Knowledge management programs require a deft mixture of the data used and the people with the right legal expertise, according to a panel at the recent Law Firm COO & CFO Forum
NEW YORK — For law firms to design and leverage a truly successful knowledge management (KM) program that can put the collective expertise, experience, and insight of the entire firm at each individual lawyer’s fingertips, the focus must remain on both data and people, according to several KM legal experts.
In a breakout panel, Expansive View: Developing a Growth-Focused Knowledge Management Strategy, held last week at Thomson Reuters’ 21st Annual Law Firm COO & CFO Forum, panelists discussed how a successful KM initiative within a law firm can pay tremendous dividends around collaboration, efficiency, and client service, but only if it can remain properly focused on its mission.
Knowledge management often describes a purposeful system that is created within a firm to gather and organize all its internal and external expertise and legal acumen, along with its documented work product, contracts, libraries, and other information resources in order to create a single repository of all the firm’s collective data and knowledge. “Knowledge is the most important asset a law firm has,” said panelist Judy Mackenzie Stuart, Global Chief Knowledge Officer at Bryan Cave Leighton Paisner. “This pool of knowledge and expertise is what clients are paying for.”
Traditionally, firms’ knowledge management efforts were embodied among singular individuals in professional support roles within the firm; now, however, with the explosion of vast troves of data and digitized information that law firms can access, that role has expanded beyond people. Today, it takes a melding together of individual expertise with all that data to craft a methodology to make all this information and collective wisdom accessible to the firm at large, the panel argued.
“Knowledge is the most important asset a law firm has — this pool of knowledge and expertise is what clients are paying for.”
Panelist Kimberly Gardner, Chief Operating Officer of Holland & Knight, said that although many law firms “may have difficulty getting this fire started”, they likely already have pockets within the firm in which people from different practices and departments are coming together and talking about how to get things done in an informal way. These fledgling efforts are the real beginning of the cooperative process that can lead to a full KM program.
“It’s important to take inventory of what a firm has — take stock and see what really exists,” Gardner explained, adding that bringing people together around data and knowledge-sharing can ultimately lead to a more formal KM effort that can be communicated with the rest of the firm.
The key, of course, is keeping any KM initiative focused on the reasons the firm has decided to pursue this strategy, said panelist Cindy Thurston Bare, Chief Data & Innovation Officer at Frost Brown Todd. “You have to know the why.”
By building their KM initiative around three basic categories — experience, matter types, and industry — Frost Brown was able to understand its clients better and look for ways to serve them better as well, while supporting its own legal teams, Thurston Bare explained.
Bryan Cave’s Mackenzie Stuart agreed, noting that the core of any good KM strategy relies on turning data into useable information while remembering that a vast amount of tacit knowledge resides in the heads of the professionals within the firm. “And you risk losing that every time they walk out the door,” she said.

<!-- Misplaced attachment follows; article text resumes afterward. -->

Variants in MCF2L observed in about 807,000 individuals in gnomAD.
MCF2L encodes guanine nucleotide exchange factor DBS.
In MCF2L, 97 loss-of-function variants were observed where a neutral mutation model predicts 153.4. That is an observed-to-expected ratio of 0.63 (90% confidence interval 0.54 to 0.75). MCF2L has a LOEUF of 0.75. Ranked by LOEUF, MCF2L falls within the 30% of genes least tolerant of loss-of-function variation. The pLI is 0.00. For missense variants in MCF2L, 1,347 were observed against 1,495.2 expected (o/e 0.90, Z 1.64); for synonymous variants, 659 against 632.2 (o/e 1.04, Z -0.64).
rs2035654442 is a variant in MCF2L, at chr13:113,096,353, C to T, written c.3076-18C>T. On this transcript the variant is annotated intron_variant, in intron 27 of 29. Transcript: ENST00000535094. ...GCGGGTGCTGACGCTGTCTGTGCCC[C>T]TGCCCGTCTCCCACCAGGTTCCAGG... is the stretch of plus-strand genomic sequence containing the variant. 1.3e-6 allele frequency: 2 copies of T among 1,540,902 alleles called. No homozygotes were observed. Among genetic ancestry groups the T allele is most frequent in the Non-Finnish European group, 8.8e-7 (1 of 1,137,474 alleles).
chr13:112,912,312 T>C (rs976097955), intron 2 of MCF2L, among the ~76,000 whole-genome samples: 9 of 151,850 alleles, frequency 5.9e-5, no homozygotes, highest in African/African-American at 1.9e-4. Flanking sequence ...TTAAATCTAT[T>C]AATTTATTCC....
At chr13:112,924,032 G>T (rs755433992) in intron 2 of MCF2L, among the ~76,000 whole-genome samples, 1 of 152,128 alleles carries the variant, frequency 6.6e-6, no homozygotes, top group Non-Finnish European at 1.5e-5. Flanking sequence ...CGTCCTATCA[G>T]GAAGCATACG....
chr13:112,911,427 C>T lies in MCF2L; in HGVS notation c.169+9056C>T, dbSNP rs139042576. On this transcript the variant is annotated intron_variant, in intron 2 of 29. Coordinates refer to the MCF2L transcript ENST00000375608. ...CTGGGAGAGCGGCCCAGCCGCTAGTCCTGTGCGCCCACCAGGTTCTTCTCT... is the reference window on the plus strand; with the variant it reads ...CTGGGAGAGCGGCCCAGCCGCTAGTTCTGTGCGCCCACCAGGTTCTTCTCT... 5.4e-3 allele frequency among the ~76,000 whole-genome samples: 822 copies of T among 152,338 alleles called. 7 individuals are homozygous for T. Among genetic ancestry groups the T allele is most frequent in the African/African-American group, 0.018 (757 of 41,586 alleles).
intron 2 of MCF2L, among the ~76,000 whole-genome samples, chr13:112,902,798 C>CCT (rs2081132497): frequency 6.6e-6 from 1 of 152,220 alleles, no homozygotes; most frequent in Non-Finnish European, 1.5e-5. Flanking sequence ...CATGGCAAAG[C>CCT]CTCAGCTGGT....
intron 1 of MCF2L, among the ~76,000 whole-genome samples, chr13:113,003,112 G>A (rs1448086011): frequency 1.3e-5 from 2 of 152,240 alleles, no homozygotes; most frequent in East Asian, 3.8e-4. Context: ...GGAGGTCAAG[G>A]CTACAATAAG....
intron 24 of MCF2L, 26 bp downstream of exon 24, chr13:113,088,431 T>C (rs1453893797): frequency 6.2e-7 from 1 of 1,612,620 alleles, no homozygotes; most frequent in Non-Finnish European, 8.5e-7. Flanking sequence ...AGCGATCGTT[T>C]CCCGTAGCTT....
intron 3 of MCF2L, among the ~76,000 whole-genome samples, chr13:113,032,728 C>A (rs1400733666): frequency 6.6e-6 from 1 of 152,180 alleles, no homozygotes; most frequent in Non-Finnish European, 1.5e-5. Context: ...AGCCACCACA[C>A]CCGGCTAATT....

When a firm’s KM program is working well, it can provide ways for the firm to help “clients see around corners,” Stuart added, while bringing together technology and people “to make things happen in the right way.”
State of the legal market
At the opening of last week’s Forum, James Jones, a Senior Fellow at the Center on Ethics and the Legal Profession at Georgetown University Law Center, and Gretta Rusanow, Head of Advisory Services in the Law Firm Group at Citi Private Bank, took a deep look into the state of the US legal market.
“After coming through more than two years of chaos, the legal industry has been dumped into a sea of uncertainty around such issues as pricing demand and return-to-work strategies — and this requires a particular type of leadership to keep a steady hand.”
While 2021 was another record year for law firms, as data in the 2022 Report on the State of the Legal Market shows, cracks began to appear in 2022 as firms found themselves entangled in an elongated war for top legal talent, all while balancing higher expenses and early signs that legal demand in some areas was slowing.
“After coming through more than two years of chaos, the legal industry has been dumped into a sea of uncertainty around such issues as pricing demand and return-to-work strategies,” Jones said. “And this requires a particular type of leadership to keep a steady hand.”
In 2021, the legal industry was really seeing some extraordinary yearly statistics around profits and demand, Jones explained. Then, higher talent costs and rising associate turnover brought some dark clouds into the picture. Now this year, as demand slows mostly because of the fall-off of corporate transactional work, the picture may be darkening further.
“You’re really getting a counter-intuitive picture because profits remain high and rate growth is robust, yet demand is falling,” he said. “It’s a mixed message.”
Rusanow said much of this could be attributed to a timing issue, and that this year’s nascent slowdown hasn’t really impacted individual firm numbers in areas such as realization and rates yet. In fact, she added, that in speaking with individual large law firms, the vast majority of them are still making plans to bring on larger associate classes in the near future, indicating that a possible economic slowdown hasn’t altered their plans for growth.